SOCIAL AND ACADEMIC CHALLENGES OF ADOLESCENTS IN SENIOR HIGH SCHOOLS IN THE CAPE COAST METROPOLIS

ABSTRACT
This study was done to investigate the social and academic challenges of adolescents in senior high schools in the Cape Coast Metropolis. A descriptive research design was employed. A researcher-designed questionnaire was used for data collection. The reliability coefficient of the questionnaire was established using the Cronbach alpha method. Reliability coefficient obtained was .72. A sample of 367 respondents was selected from five public senior high schools in the Cape Coast Metropolis via purposive, stratified and simple random sampling procedures. The quantitative data were analyzed using means and standard deviations, independent samples t-test and one way analysis of variance, ANOVA. The study revealed that generally, students in senior high schools in the Cape Coast Metropolis were faced with many social and academic challenges. Furthermore, the study revealed that there were significant differences in the social and academic challenges of adolescents on the basis of gender, age and class levels. It was therefore, recommended that counsellors should be more sensitized about the challenges the students in the senior high schools face. Also, housemasters, housemistresses, teachers, parents and other stakeholders should play a significant role by putting measures in place to assist adolescents in their social and academic challenges. The study also includes implications for counselling.


CHAPTER ONE
INTRODUCTION
Background to the Study
Adolescence is the period of life between the ages of 10 and 19 years (World Health Organization, 2008). This period usually coincides with entering middle school or senior high school. It covers the period where changes take place in an individual’s life in terms of physical, social and cognitive development (Burke, Brennan, & Roney, 2010). These evolutionary changes represent both a stimulus and a challenge for the development of human beings, as well as a source of difficulties (Schulenberg, Maggs, & Hurrelmann, 1997). Poorly managed changes may lead to social and academic worries of adolescents (Valverde, Lyubansky & Achenbach, 2012).

Adolescence is seen as an important period for youth as they transition into adulthood. Adolescents, like other age groups, face problems. Teachers and parents must understand the types of problems that adolescents face in order to help them enjoy the great and wholesome adventure of growing up in an incident free manner. Sexual, emotional, intellectual and social changes that adolescents experience have important social and psychological implications for them. Adolescents need to adjust to these changes and be aware continually of the effect that life in general (political, economic, social and moral) have on the growth of young people (Stiles, 1995).

Professionals who work with adolescents need to know what is normative and what represent early or late physical development in order to help prepare the adolescent for the changes that take place during this time of life. Even in schools where sex education is taught, many girls and boys still feel unprepared for the changes of puberty, suggesting that these important topics are not being dealt with in ways that are most useful to adolescents (Coleman & Hendry, 1999).

According to the American Psychological Association (2002), the many changes experienced by an adolescent can be grouped into five major categories. These are physical, cognitive, emotional, social, and behaviour. With physical development, adolescents experience a growth spurt, which involves rapid growth of bones and muscles. New concern with physical appearance and body image, both adolescent boys and girls are known to spend hours concerned with their physical appearance (Resource Center for Adolescent Pregnancy Prevention (ReCAPP), 2007). They want to "fit in" with their peers yet achieve their own unique style as well.

Many adolescents experience dissatisfaction with their changing bodies (ReCAPP, 2007). Weight gain is a natural part of puberty, which can be distressing in a culture that glorifies being thin. In response, some adolescents begin to diet obsessively (ReCAPP, 2007). About 20% of all females aged 12-18 engage in unhealthy dieting behaviours. Some of these adolescents develop eating disorders such as anorexia nervosa or bulimia. Risk factors for girls developing eating disorders include: low self-esteem, poor coping skills, childhood physical or sexual abuse, early sexual maturation, and perfectionism (American Psychological Association (APA), 2002).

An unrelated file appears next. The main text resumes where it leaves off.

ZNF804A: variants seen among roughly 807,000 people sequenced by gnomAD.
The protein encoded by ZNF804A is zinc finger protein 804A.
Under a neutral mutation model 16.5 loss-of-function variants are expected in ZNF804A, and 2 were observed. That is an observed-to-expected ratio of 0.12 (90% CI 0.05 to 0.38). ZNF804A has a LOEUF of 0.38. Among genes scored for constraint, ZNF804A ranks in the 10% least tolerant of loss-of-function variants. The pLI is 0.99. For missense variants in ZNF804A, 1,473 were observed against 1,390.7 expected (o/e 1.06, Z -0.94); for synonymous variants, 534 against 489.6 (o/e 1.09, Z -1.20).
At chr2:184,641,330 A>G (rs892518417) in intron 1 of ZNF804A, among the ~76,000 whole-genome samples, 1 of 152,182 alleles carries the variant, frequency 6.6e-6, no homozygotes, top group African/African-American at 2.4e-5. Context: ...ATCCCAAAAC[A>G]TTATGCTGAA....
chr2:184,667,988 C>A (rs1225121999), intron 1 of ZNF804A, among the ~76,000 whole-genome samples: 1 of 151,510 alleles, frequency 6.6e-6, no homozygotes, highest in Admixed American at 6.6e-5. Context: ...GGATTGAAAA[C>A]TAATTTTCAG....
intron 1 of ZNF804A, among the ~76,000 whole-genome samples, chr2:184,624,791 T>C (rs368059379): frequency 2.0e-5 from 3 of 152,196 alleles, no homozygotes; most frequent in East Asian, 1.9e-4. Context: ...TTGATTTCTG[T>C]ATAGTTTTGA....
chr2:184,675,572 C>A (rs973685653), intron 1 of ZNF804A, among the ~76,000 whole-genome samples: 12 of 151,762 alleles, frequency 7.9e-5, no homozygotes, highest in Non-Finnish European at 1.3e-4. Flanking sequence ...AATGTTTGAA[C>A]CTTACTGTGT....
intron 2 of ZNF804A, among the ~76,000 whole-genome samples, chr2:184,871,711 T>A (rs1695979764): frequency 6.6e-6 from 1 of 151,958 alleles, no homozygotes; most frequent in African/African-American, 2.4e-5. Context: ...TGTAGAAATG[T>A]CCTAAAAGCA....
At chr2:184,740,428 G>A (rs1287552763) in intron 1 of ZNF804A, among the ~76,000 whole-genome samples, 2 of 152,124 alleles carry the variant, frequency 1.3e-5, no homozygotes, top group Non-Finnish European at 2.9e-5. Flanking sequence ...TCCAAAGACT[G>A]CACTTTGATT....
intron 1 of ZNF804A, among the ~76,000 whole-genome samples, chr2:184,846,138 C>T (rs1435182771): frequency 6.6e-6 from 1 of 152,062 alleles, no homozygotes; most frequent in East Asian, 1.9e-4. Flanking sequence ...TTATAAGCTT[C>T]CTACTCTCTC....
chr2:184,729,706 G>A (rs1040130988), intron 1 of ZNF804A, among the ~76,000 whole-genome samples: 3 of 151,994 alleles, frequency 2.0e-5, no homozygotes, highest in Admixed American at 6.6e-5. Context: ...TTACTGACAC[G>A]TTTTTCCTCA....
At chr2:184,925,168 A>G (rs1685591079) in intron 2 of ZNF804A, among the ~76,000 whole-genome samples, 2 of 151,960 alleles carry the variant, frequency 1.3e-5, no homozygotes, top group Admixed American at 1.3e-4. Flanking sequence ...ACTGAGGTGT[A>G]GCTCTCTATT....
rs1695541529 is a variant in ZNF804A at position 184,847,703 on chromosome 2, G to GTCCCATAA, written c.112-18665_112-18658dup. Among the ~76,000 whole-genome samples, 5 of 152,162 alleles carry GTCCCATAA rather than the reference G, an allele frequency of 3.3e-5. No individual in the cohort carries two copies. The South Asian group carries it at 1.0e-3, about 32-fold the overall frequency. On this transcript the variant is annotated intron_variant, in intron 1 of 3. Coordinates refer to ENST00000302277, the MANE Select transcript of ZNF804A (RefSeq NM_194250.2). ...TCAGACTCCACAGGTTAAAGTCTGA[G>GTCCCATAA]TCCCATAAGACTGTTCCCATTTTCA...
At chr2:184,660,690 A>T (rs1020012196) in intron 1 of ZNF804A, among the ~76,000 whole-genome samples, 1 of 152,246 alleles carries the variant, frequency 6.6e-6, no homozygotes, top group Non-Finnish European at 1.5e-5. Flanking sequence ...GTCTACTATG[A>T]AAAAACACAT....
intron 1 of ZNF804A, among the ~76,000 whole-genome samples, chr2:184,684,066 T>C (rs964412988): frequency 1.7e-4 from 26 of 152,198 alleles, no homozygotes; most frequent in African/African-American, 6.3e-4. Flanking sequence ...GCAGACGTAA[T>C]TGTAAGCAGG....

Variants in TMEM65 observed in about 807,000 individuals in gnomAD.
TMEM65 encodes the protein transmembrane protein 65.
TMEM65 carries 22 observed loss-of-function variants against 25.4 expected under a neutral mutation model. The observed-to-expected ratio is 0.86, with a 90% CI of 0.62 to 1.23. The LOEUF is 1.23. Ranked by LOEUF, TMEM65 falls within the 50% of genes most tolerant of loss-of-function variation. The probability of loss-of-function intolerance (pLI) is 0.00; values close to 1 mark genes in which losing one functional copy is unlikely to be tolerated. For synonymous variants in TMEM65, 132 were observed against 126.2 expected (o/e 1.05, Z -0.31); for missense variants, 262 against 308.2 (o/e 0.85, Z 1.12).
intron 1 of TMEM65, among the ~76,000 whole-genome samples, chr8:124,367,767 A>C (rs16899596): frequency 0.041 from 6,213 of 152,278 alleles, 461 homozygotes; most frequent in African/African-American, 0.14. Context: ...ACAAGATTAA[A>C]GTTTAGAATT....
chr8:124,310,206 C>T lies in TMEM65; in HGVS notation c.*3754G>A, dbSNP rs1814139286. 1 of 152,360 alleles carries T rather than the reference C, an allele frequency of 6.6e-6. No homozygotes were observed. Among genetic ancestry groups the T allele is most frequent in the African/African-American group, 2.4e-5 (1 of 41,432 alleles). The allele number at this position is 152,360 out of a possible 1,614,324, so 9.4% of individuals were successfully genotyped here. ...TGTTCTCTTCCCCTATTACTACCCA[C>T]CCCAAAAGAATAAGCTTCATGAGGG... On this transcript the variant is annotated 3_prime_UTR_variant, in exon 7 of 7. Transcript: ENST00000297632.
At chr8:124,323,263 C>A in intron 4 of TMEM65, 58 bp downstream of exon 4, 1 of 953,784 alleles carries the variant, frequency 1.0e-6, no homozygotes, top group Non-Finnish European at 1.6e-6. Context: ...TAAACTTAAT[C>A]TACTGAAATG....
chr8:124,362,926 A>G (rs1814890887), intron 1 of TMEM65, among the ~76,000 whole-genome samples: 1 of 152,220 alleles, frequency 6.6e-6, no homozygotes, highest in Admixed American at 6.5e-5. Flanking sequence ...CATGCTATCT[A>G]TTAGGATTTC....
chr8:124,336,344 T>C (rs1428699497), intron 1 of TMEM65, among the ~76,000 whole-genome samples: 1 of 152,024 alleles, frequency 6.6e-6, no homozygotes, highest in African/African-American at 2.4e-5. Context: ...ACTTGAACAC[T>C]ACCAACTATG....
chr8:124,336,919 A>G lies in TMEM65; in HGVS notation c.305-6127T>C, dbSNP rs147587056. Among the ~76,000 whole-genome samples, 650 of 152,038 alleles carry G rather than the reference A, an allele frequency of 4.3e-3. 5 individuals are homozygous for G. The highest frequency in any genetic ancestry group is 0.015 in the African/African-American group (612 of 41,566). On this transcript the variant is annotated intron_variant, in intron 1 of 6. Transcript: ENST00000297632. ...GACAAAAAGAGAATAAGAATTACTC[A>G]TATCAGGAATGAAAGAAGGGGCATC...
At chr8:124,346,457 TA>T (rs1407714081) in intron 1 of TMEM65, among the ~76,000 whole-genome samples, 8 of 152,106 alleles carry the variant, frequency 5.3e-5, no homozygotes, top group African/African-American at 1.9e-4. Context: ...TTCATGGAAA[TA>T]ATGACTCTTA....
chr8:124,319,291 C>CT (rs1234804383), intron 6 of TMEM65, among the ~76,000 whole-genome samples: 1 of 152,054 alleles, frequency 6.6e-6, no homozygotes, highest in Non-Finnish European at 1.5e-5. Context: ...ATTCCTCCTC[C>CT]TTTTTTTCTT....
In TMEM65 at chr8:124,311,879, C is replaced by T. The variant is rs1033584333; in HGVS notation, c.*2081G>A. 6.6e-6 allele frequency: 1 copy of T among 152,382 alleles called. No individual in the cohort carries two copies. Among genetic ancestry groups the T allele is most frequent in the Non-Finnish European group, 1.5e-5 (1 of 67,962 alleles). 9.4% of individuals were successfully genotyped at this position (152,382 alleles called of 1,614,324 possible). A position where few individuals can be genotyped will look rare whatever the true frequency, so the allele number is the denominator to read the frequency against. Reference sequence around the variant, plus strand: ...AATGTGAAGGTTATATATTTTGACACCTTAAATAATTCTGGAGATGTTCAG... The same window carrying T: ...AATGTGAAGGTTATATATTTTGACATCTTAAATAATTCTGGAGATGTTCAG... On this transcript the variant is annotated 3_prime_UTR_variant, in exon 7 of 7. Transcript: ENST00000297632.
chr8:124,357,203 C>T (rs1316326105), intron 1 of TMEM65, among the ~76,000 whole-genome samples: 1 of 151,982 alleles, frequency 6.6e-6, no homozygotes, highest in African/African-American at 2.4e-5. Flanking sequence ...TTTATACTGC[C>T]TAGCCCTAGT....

In their cognitive development, dramatic shift in thinking from concrete to abstract gives adolescents a whole new set of mental tools (ReCAPP, 2007).. They are now able to analyse situations logically in terms of cause and effect. They can appreciate hypothetical situations. This gives them the ability to think about the future, evaluate alternatives, and set personal goals. They can engage in introspection and mature decision-making (ReCAPP, 2007). As a result of their growing cognitive abilities, most developing adolescents will become more independent, take on increased responsibilities, such as babysitting, summer jobs, or household chores, shift their school focus from play-centered activities to academics, begin to consider future careers and occupations, look to peers and media for information and advice, begin to develop a social conscience: becoming concerned about social issues such as racism, global warming and poverty, develop a sense of values and ethical behaviour, recognizing the value of traits such as honesty, helpfulness, caring for others (APA, 2002).

As adolescents begin to exercise their new reasoning skills, some of their behaviours may be confusing for adults (ReCAPP, 2007). It is normal for them to argue for the sake of arguing, jump to conclusions, be self-centred, constantly find fault in the adult's position.

Adolescents are faced with the large task of establishing a sense of identity when we look at their emotional development (ReCAPP, 2007). The new cognitive skills of maturing adolescents give them the ability to reflect on who they are and what makes them unique. Identity is made up of two components: Self-concept: The set of beliefs about oneself, including attributes, roles, goals, interests, values and religious or political beliefs (ReCAPP, 2007). Self-esteem: How one feels about one's self-concept. The process of developing a sense of identity involves experimenting with different ways of appearing, sounding and behaving (ReCAPP, 2007). Each adolescent will approach this exploration in his or her own unique way.

Adolescents must also develop relationship skills that allow them to get along well with others and to make friends (ReCAPP, 2007). The specific skills that they need to master as part of their emotional development include; recognizing and managing emotions, developing empathy, learning to resolve conflict constructively and developing a cooperative spirit (ReCAPP, 2007). One of the greatest social changes for adolescents is the new importance of their peers. This change allows them to gain independence from their families. By identifying with peers, adolescents start to develop moral judgment and values, and to explore how they differ from their parents (APA, 2002).